Wednesday, November 23, 2011

Words for Wednesday

Having just finished Sense and Sensibility, I once again remember why I love Jane Austen so much.  You get lost in the language, the prose! 

When I re-read this classic, it was with a purpose as I am writing a sequel for NaNoWriMo, so I wanted to see if there were details that I could include.  Miss Austen never really talked about clothing or even how a person looked.  Her characters are based on their actions and words.  And words are also another wonderful thing about her books.

It was wonderful reading the book on a Kindle, as I was free to highlight and underline and make notations without mucking up my beautiful copy.  I was also able to use the dictionary function. When I have read these before, I would try to take the word in context and move on.  With my Kindle, if there is a word that I am not too sure of, I can look it up right then and there!  Fabulous Feature!

Here are a few words that I looked up.  
It is interesting how language was used 200 years ago!

cavil – verb: to raise irritating and trivial objections; find fault with unnecessarily
ebullition – noun: a seething or overflowing, as of passion or feeling; outburst.
éclat – noun:1. brilliance of success, reputation, etc.: the éclat of a great achievement.   2. showy or elaborate display: a performance of great éclat.  3. acclamation; acclaim.
effusion – noun: 1.  the act of effusing or pouring forth.  2.  something that is effused.  3. an unrestrained expression, as of feelings
epicurism – noun: indulgences  or habits
exigence noun:  the need, demand, or requirement intrinsic to a circumstance, condition, etc
huswifes – noun: a case of sewing materials
importunity – noun: the state or quality of being importunate;  persistence in solicitation.
improvident – adjective:   1.  not provident;  lacking foresight; incautious; unwary.  2.  neglecting to provide for future needs.
imputed – adjective:  estimated to have a certain cash value, although no money has been received or credited.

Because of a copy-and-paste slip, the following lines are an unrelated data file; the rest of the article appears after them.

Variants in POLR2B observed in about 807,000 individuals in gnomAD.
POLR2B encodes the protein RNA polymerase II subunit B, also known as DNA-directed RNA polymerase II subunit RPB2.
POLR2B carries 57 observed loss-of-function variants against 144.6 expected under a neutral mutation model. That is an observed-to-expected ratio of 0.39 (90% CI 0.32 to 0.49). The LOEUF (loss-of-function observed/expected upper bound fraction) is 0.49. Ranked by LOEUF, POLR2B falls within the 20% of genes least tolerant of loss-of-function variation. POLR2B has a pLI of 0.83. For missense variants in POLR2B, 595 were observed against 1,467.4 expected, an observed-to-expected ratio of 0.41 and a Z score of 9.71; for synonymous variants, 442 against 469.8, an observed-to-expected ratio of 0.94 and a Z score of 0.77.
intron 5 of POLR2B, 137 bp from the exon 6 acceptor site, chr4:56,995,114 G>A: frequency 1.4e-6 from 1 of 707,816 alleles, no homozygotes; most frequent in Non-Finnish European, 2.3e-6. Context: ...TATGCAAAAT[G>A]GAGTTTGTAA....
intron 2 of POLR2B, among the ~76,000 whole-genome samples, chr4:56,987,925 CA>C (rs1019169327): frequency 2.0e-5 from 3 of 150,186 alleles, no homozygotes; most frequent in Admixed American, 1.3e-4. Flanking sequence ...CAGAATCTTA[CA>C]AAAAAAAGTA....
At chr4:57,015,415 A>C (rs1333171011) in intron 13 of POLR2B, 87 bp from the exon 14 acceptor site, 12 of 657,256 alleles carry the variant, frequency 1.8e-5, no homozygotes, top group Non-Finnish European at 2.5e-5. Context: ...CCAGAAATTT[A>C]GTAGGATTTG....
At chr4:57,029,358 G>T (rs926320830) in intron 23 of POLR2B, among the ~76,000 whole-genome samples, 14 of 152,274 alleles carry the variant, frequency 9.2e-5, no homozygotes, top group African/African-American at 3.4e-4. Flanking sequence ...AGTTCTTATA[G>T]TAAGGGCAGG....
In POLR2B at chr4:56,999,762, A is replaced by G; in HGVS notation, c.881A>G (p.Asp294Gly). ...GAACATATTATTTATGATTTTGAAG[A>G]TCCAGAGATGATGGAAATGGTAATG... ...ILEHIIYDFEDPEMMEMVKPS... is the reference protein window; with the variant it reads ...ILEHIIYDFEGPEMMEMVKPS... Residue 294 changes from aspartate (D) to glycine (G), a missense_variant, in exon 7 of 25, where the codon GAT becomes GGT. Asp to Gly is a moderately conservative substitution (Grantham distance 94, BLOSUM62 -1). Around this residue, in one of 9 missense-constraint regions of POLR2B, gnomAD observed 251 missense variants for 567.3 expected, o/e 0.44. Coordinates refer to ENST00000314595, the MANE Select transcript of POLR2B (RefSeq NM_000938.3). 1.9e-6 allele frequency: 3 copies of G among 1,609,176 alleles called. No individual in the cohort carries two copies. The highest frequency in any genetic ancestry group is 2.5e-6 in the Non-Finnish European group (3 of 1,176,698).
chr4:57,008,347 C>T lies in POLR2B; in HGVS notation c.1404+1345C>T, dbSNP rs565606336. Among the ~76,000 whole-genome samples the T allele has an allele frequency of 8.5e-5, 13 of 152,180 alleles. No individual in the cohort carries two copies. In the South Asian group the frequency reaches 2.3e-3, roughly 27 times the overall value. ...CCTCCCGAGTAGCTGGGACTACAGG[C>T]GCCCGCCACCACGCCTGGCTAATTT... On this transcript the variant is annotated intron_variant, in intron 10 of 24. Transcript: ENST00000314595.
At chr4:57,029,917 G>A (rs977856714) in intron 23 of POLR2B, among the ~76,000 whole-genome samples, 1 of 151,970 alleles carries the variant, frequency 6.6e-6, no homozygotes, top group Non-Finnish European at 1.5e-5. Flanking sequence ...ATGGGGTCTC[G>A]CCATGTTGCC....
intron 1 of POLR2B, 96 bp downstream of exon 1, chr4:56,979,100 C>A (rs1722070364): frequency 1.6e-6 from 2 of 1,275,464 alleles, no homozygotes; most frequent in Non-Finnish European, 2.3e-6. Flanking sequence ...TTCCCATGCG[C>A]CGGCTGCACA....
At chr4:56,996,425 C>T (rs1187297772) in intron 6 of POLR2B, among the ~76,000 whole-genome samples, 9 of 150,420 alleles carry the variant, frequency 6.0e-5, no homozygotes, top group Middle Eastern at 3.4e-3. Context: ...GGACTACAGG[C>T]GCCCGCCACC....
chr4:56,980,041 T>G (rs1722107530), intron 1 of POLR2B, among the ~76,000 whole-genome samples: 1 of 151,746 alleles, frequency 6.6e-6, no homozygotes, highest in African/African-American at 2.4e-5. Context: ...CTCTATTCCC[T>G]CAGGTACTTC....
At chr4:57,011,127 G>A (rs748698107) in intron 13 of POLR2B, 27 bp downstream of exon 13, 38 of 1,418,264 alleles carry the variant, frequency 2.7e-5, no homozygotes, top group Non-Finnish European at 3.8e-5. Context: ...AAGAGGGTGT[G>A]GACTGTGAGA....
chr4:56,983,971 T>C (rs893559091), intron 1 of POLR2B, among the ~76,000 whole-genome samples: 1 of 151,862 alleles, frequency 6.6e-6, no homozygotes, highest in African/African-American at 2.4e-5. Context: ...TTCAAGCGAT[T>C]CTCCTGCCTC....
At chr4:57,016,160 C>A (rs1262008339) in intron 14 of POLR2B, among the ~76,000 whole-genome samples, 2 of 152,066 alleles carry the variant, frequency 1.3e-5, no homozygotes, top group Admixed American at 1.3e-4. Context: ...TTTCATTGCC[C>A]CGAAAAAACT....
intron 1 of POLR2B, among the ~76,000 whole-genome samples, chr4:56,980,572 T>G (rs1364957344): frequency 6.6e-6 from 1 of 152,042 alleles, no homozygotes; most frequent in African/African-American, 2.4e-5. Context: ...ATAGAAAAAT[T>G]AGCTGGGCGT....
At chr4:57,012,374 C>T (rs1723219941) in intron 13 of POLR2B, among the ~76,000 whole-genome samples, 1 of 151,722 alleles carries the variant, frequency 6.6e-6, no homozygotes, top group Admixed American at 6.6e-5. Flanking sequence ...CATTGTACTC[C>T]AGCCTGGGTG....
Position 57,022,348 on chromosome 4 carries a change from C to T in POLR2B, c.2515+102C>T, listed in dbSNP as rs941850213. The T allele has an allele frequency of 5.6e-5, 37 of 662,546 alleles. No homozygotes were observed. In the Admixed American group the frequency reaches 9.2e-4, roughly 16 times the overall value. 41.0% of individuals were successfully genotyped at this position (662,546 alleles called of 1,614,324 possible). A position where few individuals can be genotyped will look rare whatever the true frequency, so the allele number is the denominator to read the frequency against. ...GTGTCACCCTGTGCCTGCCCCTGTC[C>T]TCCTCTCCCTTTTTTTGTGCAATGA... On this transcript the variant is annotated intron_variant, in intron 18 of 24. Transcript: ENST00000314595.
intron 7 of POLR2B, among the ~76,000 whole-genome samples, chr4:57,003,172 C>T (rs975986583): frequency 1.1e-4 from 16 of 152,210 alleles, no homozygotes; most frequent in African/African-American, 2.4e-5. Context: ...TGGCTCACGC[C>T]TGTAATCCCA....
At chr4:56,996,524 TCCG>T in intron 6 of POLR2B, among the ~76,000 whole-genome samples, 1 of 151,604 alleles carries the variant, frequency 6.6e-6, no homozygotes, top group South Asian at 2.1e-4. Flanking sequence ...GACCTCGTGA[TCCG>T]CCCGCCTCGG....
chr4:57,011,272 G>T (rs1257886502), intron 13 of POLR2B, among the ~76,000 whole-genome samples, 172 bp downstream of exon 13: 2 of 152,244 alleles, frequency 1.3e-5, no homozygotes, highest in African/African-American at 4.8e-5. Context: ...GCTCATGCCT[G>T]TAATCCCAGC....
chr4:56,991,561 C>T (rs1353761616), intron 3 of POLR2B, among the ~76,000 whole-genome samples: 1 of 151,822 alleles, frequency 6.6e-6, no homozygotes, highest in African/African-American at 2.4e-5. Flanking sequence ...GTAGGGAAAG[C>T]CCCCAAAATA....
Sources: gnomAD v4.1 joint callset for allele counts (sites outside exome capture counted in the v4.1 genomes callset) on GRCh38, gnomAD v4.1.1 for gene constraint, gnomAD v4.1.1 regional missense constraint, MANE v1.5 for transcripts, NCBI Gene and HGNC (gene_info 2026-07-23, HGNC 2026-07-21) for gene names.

lief – adverb: gladly, willingly
militate – verb: to have a substantial effect; weigh heavily
philippic – noun: any speech or discourse of bitter denunciation.
preferment – noun: 1.  the act of preferring.   2. the state of being preferred.  3.  advancement or promotion, especially in the church. 4. a position or office affording social or pecuniary advancement.
prodigious – adjective:  1. extraordinary in size, amount, extent, degree, force, etc.: a prodigious research grant.  2. wonderful or marvelous: a prodigious feat.  3. abnormal; monstrous.
sagaciously – adjective: having or showing acute mental discernment and keen practical sense; shrewd
sedulously – adjective: 1. diligent in application or attention; persevering; assiduous.  2.  persistently or carefully maintained

I hope you have learned a few words to work in to your vocabulary!  Some of these I already knew, but loved the way she used them in the story.  Enjoy!


  1. Looks like you're moving right on along with NaNoWriMo this year! I was just too busy to get it done this year, so passed. I have also passed to you the One Lovely Blog award.

  2. Love your list of hardly used words. (Well, at least hardly used anymore.) Funny thing is I've come across many these words in my reading not only of Austen, but, believe it or not, my reading of Rex Stout's Nero Wolfe books.

  3. Congrats on winning NaNoWriMo! I just love Sense and Sensibility. I just listened to it on audio this month, too. Didn't get into the sequel I was reading, but it was nice to visit the Dashwoods again.

  4. Thanks for teaching me a few new words! :-)


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